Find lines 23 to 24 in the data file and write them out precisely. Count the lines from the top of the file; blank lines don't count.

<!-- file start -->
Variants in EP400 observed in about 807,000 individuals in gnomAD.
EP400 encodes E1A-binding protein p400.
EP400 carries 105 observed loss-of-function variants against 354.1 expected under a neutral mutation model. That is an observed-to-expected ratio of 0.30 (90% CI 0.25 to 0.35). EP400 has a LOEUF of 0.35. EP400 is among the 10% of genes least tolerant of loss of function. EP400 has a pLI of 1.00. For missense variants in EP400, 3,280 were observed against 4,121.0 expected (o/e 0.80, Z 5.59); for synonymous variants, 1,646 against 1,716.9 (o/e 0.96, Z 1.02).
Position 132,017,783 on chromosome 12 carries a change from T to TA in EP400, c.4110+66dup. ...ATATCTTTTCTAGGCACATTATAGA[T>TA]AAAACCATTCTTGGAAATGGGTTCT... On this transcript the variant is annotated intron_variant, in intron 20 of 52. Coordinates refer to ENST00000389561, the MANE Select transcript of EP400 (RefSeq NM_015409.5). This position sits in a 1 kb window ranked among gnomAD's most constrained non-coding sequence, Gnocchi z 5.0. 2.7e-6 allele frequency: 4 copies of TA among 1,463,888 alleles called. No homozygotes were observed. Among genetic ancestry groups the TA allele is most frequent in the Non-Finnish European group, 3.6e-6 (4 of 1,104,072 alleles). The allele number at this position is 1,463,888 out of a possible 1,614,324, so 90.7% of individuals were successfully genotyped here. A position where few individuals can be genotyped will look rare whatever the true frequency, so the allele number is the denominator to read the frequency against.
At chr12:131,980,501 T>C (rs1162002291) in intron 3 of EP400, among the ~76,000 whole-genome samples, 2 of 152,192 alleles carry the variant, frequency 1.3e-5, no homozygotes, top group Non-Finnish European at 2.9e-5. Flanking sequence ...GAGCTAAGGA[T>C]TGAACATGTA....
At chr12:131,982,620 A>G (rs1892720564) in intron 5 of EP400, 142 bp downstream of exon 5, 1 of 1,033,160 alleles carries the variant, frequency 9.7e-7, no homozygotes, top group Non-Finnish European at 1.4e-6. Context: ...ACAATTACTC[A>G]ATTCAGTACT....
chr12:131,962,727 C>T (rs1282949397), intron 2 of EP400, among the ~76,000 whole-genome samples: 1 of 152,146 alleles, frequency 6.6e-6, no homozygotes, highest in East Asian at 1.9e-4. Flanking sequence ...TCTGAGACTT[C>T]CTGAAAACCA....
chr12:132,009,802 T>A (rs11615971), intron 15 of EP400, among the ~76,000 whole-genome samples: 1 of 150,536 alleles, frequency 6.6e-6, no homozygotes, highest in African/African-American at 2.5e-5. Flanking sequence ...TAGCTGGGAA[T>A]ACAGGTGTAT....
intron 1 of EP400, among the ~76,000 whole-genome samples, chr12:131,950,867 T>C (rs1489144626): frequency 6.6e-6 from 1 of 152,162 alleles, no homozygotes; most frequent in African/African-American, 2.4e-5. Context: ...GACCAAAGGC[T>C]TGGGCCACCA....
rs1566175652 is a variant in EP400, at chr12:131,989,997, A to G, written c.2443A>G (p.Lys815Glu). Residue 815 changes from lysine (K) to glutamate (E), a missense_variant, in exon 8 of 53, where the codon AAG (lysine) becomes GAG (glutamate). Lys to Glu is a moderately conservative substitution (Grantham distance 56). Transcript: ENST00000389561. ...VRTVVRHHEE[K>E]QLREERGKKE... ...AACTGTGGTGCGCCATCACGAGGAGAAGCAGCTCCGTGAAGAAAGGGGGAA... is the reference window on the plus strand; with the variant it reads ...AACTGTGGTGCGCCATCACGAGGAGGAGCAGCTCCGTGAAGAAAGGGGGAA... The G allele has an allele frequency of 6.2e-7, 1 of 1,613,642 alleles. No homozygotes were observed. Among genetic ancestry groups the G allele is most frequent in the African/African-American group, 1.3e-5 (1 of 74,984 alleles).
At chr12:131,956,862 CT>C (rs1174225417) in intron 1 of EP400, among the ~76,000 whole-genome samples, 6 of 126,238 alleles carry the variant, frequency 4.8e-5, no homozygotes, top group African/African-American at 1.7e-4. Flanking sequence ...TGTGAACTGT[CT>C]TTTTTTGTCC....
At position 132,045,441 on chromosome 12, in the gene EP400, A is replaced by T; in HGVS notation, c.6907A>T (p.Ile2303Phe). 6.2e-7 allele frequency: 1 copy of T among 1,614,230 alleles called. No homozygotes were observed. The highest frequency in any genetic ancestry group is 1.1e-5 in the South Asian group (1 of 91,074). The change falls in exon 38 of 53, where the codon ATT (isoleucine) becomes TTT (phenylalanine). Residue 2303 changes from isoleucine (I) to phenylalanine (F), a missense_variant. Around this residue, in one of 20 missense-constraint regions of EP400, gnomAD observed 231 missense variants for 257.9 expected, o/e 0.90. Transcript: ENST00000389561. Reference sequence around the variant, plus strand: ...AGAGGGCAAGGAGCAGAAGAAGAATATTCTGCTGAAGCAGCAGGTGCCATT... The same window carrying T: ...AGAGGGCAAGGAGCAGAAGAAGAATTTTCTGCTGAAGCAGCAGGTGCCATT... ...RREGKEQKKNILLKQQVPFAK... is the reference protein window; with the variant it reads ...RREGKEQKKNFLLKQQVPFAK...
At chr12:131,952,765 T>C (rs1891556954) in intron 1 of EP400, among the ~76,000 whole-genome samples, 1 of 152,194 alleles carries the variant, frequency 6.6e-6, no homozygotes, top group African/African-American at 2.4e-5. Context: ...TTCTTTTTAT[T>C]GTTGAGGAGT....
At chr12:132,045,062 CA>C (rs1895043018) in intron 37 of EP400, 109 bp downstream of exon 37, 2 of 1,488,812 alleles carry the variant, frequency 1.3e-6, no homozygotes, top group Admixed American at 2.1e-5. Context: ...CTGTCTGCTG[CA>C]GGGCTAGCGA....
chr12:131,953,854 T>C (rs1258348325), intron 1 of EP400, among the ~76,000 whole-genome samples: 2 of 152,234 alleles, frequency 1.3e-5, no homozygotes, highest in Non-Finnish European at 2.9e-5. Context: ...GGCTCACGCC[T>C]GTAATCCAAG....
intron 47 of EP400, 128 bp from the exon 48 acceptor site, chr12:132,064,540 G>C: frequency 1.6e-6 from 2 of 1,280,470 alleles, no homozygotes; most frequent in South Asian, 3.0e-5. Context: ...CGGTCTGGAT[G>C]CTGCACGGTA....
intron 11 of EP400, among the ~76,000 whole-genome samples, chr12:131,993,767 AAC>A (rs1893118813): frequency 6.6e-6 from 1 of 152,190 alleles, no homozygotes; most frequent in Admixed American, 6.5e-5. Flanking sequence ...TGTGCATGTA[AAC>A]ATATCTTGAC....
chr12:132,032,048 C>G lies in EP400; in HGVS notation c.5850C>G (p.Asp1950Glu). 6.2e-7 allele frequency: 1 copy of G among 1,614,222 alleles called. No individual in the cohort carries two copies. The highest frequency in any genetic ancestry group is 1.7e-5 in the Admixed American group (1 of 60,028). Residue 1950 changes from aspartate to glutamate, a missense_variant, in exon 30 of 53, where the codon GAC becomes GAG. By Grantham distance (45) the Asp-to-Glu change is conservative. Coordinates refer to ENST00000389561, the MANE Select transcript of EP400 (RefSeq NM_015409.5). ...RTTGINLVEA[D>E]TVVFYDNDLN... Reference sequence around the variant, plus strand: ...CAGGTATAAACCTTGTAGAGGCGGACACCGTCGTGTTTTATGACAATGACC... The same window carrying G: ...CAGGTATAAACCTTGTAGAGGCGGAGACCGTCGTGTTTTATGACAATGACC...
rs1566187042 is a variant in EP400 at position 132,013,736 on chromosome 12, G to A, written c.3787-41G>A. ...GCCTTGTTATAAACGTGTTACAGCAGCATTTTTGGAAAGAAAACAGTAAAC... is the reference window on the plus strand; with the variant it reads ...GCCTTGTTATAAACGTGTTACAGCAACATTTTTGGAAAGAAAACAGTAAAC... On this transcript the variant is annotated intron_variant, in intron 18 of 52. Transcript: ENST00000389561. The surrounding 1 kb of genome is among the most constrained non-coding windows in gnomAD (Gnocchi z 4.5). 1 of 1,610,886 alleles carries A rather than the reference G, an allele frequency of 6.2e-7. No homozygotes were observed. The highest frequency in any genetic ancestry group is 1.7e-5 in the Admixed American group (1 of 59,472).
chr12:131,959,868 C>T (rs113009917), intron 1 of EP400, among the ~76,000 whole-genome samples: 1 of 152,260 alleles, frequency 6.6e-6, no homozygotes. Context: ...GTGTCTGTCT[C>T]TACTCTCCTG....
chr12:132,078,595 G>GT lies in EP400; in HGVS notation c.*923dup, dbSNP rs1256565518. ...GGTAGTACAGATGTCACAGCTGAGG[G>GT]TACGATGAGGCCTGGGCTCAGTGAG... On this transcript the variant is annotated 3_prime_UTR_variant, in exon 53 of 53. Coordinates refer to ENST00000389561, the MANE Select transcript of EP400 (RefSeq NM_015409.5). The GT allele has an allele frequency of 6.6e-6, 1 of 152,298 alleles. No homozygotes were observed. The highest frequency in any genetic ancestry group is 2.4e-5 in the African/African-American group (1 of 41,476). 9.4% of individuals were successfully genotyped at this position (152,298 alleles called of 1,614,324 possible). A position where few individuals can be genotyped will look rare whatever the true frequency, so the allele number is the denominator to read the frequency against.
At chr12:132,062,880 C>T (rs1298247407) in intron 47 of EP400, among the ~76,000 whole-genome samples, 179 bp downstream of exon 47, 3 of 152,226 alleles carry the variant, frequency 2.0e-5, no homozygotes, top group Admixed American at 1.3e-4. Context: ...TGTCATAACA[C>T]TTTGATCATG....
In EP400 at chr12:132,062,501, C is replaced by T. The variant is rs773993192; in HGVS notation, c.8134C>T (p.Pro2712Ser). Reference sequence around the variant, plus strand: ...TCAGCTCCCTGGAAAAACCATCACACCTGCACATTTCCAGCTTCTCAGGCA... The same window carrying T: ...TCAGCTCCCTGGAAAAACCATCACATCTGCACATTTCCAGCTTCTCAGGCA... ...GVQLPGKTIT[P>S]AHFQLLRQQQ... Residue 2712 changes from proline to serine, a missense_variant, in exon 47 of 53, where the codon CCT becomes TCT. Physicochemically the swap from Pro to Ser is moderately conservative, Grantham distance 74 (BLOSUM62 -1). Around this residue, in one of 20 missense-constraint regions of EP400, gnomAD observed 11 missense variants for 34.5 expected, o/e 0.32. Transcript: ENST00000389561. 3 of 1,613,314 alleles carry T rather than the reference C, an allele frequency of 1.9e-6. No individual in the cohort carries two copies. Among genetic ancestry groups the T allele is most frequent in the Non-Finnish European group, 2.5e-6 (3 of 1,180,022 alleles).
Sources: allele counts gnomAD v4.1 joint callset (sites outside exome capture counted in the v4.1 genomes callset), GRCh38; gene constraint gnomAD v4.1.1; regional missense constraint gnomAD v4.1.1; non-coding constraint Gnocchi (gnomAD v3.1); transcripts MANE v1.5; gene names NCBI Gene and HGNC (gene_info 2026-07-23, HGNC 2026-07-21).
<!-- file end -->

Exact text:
In EP400 at chr12:132,062,501, C is replaced by T. The variant is rs773993192; in HGVS notation, c.8134C>T (p.Pro2712Ser). Reference sequence around the variant, plus strand: ...TCAGCTCCCTGGAAAAACCATCACACCTGCACATTTCCAGCTTCTCAGGCA... The same window carrying T: ...TCAGCTCCCTGGAAAAACCATCACATCTGCACATTTCCAGCTTCTCAGGCA... ...GVQLPGKTIT[P>S]AHFQLLRQQQ... Residue 2712 changes from proline to serine, a missense_variant, in exon 47 of 53, where the codon CCT becomes TCT. Physicochemically the swap from Pro to Ser is moderately conservative, Grantham distance 74 (BLOSUM62 -1). Around this residue, in one of 20 missense-constraint regions of EP400, gnomAD observed 11 missense variants for 34.5 expected, o/e 0.32. Transcript: ENST00000389561. 3 of 1,613,314 alleles carry T rather than the reference C, an allele frequency of 1.9e-6. No individual in the cohort carries two copies. Among genetic ancestry groups the T allele is most frequent in the Non-Finnish European group, 2.5e-6 (3 of 1,180,022 alleles).
Sources: allele counts gnomAD v4.1 joint callset (sites outside exome capture counted in the v4.1 genomes callset), GRCh38; gene constraint gnomAD v4.1.1; regional missense constraint gnomAD v4.1.1; non-coding constraint Gnocchi (gnomAD v3.1); transcripts MANE v1.5; gene names NCBI Gene and HGNC (gene_info 2026-07-23, HGNC 2026-07-21).